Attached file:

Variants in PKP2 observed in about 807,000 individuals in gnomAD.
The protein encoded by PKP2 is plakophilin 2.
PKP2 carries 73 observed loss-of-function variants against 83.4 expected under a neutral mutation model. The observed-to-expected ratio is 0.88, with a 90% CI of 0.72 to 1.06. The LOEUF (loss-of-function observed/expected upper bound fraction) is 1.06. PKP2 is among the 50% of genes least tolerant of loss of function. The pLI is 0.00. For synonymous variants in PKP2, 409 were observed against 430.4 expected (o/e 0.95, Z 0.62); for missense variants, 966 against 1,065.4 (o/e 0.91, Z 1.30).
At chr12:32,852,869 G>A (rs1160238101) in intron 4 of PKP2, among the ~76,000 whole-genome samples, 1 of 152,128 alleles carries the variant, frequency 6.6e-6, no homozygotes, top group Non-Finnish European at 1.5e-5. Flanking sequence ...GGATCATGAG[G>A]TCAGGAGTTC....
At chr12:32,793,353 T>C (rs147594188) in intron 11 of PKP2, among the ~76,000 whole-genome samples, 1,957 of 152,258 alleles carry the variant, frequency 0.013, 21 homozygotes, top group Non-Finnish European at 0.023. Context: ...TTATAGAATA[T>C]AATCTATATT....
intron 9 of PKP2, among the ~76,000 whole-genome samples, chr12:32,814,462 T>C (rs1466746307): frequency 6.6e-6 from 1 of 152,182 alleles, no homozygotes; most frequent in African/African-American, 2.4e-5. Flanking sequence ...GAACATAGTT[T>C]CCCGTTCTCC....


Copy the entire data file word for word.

Variants in PKP2 observed in about 807,000 individuals in gnomAD.
The protein encoded by PKP2 is plakophilin 2.
PKP2 carries 73 observed loss-of-function variants against 83.4 expected under a neutral mutation model. The observed-to-expected ratio is 0.88, with a 90% CI of 0.72 to 1.06. The LOEUF (loss-of-function observed/expected upper bound fraction) is 1.06. PKP2 is among the 50% of genes least tolerant of loss of function. The pLI is 0.00. For synonymous variants in PKP2, 409 were observed against 430.4 expected (o/e 0.95, Z 0.62); for missense variants, 966 against 1,065.4 (o/e 0.91, Z 1.30).
At chr12:32,852,869 G>A (rs1160238101) in intron 4 of PKP2, among the ~76,000 whole-genome samples, 1 of 152,128 alleles carries the variant, frequency 6.6e-6, no homozygotes, top group Non-Finnish European at 1.5e-5. Flanking sequence ...GGATCATGAG[G>A]TCAGGAGTTC....
At chr12:32,793,353 T>C (rs147594188) in intron 11 of PKP2, among the ~76,000 whole-genome samples, 1,957 of 152,258 alleles carry the variant, frequency 0.013, 21 homozygotes, top group Non-Finnish European at 0.023. Context: ...TTATAGAATA[T>C]AATCTATATT....
intron 9 of PKP2, among the ~76,000 whole-genome samples, chr12:32,814,462 T>C (rs1466746307): frequency 6.6e-6 from 1 of 152,182 alleles, no homozygotes; most frequent in African/African-American, 2.4e-5. Flanking sequence ...GAACATAGTT[T>C]CCCGTTCTCC....